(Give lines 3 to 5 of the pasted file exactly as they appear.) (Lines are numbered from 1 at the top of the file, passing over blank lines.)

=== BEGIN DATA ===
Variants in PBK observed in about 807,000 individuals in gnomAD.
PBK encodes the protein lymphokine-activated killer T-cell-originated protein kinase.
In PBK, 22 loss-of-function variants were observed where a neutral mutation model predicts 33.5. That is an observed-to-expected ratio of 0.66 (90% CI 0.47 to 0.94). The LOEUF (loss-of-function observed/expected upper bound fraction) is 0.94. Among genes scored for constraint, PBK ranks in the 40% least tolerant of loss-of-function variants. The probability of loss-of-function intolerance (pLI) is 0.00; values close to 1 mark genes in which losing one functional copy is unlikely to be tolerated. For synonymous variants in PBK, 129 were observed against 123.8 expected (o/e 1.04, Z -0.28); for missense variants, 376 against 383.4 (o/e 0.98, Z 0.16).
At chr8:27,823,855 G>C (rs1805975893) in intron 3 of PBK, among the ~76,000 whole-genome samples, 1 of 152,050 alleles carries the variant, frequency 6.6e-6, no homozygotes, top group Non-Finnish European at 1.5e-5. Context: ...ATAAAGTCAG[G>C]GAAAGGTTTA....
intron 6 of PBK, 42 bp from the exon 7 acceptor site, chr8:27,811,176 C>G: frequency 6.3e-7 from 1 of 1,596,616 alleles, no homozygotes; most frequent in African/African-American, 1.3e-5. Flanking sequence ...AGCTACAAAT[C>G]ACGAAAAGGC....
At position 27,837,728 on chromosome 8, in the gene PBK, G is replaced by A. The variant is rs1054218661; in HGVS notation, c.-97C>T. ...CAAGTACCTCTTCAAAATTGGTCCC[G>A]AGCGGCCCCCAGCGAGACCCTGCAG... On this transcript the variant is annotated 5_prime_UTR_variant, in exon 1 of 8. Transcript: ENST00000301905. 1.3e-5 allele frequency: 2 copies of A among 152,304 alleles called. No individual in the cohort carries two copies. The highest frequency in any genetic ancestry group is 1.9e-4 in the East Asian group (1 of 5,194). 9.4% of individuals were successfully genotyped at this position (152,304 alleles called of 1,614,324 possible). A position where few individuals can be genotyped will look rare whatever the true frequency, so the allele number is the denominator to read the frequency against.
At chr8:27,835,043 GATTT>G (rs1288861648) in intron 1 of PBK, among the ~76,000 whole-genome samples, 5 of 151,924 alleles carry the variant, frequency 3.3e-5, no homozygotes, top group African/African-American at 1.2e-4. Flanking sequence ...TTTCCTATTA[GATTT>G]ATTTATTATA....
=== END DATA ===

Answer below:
In PBK, 22 loss-of-function variants were observed where a neutral mutation model predicts 33.5. That is an observed-to-expected ratio of 0.66 (90% CI 0.47 to 0.94). The LOEUF (loss-of-function observed/expected upper bound fraction) is 0.94. Among genes scored for constraint, PBK ranks in the 40% least tolerant of loss-of-function variants. The probability of loss-of-function intolerance (pLI) is 0.00; values close to 1 mark genes in which losing one functional copy is unlikely to be tolerated. For synonymous variants in PBK, 129 were observed against 123.8 expected (o/e 1.04, Z -0.28); for missense variants, 376 against 383.4 (o/e 0.98, Z 0.16).
At chr8:27,823,855 G>C (rs1805975893) in intron 3 of PBK, among the ~76,000 whole-genome samples, 1 of 152,050 alleles carries the variant, frequency 6.6e-6, no homozygotes, top group Non-Finnish European at 1.5e-5. Context: ...ATAAAGTCAG[G>C]GAAAGGTTTA....
intron 6 of PBK, 42 bp from the exon 7 acceptor site, chr8:27,811,176 C>G: frequency 6.3e-7 from 1 of 1,596,616 alleles, no homozygotes; most frequent in African/African-American, 1.3e-5. Flanking sequence ...AGCTACAAAT[C>G]ACGAAAAGGC....